What Your Child Really Needs to Survive

The rod and reproof give wisdom; but a child left to himself bringeth his mother to shame.” Proverbs 29″15

A few years ago, I suggested parents instill certain important beliefs in their children. Along with a strong belief in God and His love, I recommended parents also instill a strong belief in their ability to cope and to overcome. They were:

  1. I believe… I am capable. The Lord and I will overcome.
  2. I believe… I am significant. God made me special.
  3. I believe… I am not helpless. I and the Lord can affect what happens to me.

Now I will add four more skills suggested by S. Stephen Glenn.

1. Self-discipline

“He that hath no rule over his own spirit is like a city that is broken down and without walls” Proverbs 25:28

A goal of any parental training program must be to instill self-discipline into the future young adult. A desired skill is to impose just enough external control early, and then knowing when to lift the controls as the child assumes responsibility for his own behavior.

It is a sad thing to see a person who has never been disciplined as a child and has no self-discipline as an adult. It is also troubling to see parents withdraw external controls during the adolescent years when the child looks mature physically but is immature emotionally and spiritually. And lastly, it is disheartening to see a parent keep the lid on their child on into young adulthood and watch what happens when the lid finally comes off.

Never forget that the word discipline comes from the same word meaning ‘to disciple’. Discipline is not punishment (it has the restraint component – yes) but it must also have the training component in order to make it effective. For a child to internalize discipline, it must be done in love and bring positive rewards to the child.

2. Interpersonal Skills

“A brother offended is harder to be won than a strong city: and their contentions are like the bars of a castle.” Proverbs 18:19

Getting along in this world depends a lot on getting along well with others. This starts early as children play with other children. Parents must teach the skills of sharing and caring for the rights of others.

Most adults who are fired from their jobs are let go not because they do not have the skills, but they are let go because they cannot get along with their supervisors, their fellow employees and customers. I have heard it said, “Everybody likes friendly attention and cooperation–we always get it if we give it”.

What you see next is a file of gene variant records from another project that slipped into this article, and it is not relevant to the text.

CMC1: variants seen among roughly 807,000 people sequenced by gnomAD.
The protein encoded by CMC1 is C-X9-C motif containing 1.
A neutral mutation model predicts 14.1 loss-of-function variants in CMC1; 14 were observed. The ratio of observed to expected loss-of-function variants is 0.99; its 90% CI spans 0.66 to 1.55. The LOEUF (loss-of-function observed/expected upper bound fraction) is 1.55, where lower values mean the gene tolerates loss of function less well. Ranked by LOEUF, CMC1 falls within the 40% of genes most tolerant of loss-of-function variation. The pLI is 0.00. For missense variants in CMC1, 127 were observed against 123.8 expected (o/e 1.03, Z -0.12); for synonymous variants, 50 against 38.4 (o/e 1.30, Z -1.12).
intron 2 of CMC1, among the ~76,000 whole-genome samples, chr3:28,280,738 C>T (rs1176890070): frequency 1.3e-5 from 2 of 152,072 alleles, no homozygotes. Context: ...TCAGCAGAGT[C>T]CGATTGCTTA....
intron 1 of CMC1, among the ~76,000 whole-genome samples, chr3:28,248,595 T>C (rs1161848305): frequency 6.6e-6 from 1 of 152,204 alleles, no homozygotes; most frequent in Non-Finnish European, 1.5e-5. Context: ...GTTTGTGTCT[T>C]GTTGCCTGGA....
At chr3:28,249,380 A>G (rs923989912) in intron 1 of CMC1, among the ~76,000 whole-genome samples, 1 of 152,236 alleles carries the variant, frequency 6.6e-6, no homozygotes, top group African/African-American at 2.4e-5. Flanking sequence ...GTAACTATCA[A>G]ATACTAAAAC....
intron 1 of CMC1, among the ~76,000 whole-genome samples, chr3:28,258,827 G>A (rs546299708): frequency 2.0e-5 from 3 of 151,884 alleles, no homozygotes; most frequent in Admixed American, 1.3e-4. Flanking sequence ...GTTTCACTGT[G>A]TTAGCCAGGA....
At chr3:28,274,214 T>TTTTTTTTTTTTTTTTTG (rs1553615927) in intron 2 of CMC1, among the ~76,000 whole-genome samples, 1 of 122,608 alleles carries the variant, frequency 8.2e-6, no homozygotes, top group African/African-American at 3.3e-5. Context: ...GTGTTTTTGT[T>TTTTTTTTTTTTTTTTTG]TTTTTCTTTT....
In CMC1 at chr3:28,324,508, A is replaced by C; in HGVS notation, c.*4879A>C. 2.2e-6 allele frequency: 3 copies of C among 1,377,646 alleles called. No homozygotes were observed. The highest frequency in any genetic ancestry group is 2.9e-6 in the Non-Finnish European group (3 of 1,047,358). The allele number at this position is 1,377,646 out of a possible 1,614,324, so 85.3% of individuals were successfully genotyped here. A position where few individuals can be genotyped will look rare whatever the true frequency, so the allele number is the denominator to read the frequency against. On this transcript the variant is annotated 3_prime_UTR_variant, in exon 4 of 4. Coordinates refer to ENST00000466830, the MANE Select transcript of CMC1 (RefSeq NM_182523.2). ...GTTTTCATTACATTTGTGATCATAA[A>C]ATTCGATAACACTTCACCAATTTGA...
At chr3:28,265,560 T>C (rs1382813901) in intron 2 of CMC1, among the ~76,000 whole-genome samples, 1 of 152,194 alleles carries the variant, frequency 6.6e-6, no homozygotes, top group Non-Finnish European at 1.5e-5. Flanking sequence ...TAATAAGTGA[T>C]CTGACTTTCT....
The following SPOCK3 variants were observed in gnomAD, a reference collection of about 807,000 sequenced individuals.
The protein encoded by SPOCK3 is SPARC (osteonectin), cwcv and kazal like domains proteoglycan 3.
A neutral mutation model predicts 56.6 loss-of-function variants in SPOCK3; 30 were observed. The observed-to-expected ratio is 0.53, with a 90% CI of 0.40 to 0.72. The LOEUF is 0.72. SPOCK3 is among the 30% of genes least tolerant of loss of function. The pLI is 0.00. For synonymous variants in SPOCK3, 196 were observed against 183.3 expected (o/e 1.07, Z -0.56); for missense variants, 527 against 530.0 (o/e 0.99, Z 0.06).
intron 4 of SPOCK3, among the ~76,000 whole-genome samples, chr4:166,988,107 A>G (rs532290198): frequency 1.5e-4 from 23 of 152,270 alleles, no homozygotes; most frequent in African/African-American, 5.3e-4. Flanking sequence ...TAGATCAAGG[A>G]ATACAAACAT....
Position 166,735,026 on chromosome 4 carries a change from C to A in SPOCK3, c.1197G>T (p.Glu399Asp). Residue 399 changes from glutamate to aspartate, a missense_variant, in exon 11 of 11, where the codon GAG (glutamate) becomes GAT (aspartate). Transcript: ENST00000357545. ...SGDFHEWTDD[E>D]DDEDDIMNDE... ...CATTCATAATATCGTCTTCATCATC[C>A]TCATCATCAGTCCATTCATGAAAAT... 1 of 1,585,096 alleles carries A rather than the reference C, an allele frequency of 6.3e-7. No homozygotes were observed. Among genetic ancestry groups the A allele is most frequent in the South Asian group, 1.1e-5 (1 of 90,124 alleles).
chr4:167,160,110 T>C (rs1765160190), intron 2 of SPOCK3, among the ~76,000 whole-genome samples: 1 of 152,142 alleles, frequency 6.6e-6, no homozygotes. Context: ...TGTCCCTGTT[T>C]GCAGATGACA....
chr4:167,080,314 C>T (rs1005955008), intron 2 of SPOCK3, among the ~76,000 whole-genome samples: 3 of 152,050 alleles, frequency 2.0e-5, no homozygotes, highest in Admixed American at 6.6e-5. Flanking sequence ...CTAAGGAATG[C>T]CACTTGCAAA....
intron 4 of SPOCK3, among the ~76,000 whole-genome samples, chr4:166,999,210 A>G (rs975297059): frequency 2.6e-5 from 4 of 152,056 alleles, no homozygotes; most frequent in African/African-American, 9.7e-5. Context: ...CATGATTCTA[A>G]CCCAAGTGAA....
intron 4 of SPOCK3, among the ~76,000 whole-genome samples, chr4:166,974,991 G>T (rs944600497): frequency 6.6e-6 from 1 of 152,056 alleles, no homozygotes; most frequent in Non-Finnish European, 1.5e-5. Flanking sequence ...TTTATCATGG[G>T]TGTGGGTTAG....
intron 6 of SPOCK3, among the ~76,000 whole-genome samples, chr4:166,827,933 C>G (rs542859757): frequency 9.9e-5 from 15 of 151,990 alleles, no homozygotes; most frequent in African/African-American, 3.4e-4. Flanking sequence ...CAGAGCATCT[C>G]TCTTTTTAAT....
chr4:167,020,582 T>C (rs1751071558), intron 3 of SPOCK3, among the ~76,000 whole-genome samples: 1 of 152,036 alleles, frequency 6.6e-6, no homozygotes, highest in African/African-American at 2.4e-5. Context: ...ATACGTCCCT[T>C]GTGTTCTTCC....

Fighting is the greatest problem I had on the school playground. When the guilty were sent to my office, invariably they would tell me that their daddy told them to defend themselves. When I called the Dad he would confirm this, “I tell my son to stick up for his rights.” Parents are more concerned with who threw the first punch than the violence and the injuries that ensued. A black eye is a rewarded trophy when he gets home.

Parents are too ready to jump in and defend their child instead of allowing their child the right to work out his/her problems with his friends as well as enemies. Children should be taught to respect teachers and all authority, and to reject violence.

We must teach our children the skills of negotiation. They must learn to accept the views of others. Jesus never taught us to “stick up for our rights.” He taught us to do the right and accept the persecution from others who did not understand us.

3. Responsibility

“Seest thou a man diligent in his business? He shall stand before kings; he shall not stand before mean men” Proverbs 22:29

Commitment and responsibility are so needed today. We are raising our children to be become successful Christians, adults and parents – this takes commitment.  The second largest reason for people losing their jobs is that employees are not faithful, not committed to being on time and then not carrying out their responsibilities.

The skill of responsibility is so important to your child for we all measure ourselves by the responsibility we successfully shoulder. It gives us all a feeling of worth.

We teach the skill of responsibility to our child by giving him duties and making sure that he carries through. Responsibility without accountability brings no result. If the child shirks the responsibility and there is no consequence – we have taught them a lesson promoting unfaithfulness.

Too often we cover for them and ‘bail them out’. It is easier to do it ourselves than to undergo the strife and stress of making sure the child completes the assignment. If you assign it, mean it and make sure it happens.

4. Judgement

“My son, attend unto my wisdom, and bow thine ear to my understanding: That thou mayest regard discretion, and that thy lips may keep knowledge.” Proverbs 5 1,2

I read about a little guy who asked his father, “Dad, what do they mean when they say a fellow has horse sense?”

His father replied,   “He can say, ‘nay’ son.

Judgement is easier ‘caught’ than taught. This skill is learned mostly by watching what the parents love, value, watch and spend their money on. In other words: Parents should know the way, go the way and only then can they show the way.

On the other hand, in the studies that show what keeps kids away from drugs, alcohol and sex, the number one deterrent is: Parents who talk to their children about the consequences.

Parents, we have to take time to talk to our children, passing on the wisdom and understanding of God.

In closing, our children do not need Nike shoes and designer clothes. They need you and your training. Remember, what is cute as a child may not be appreciated when they become adults.

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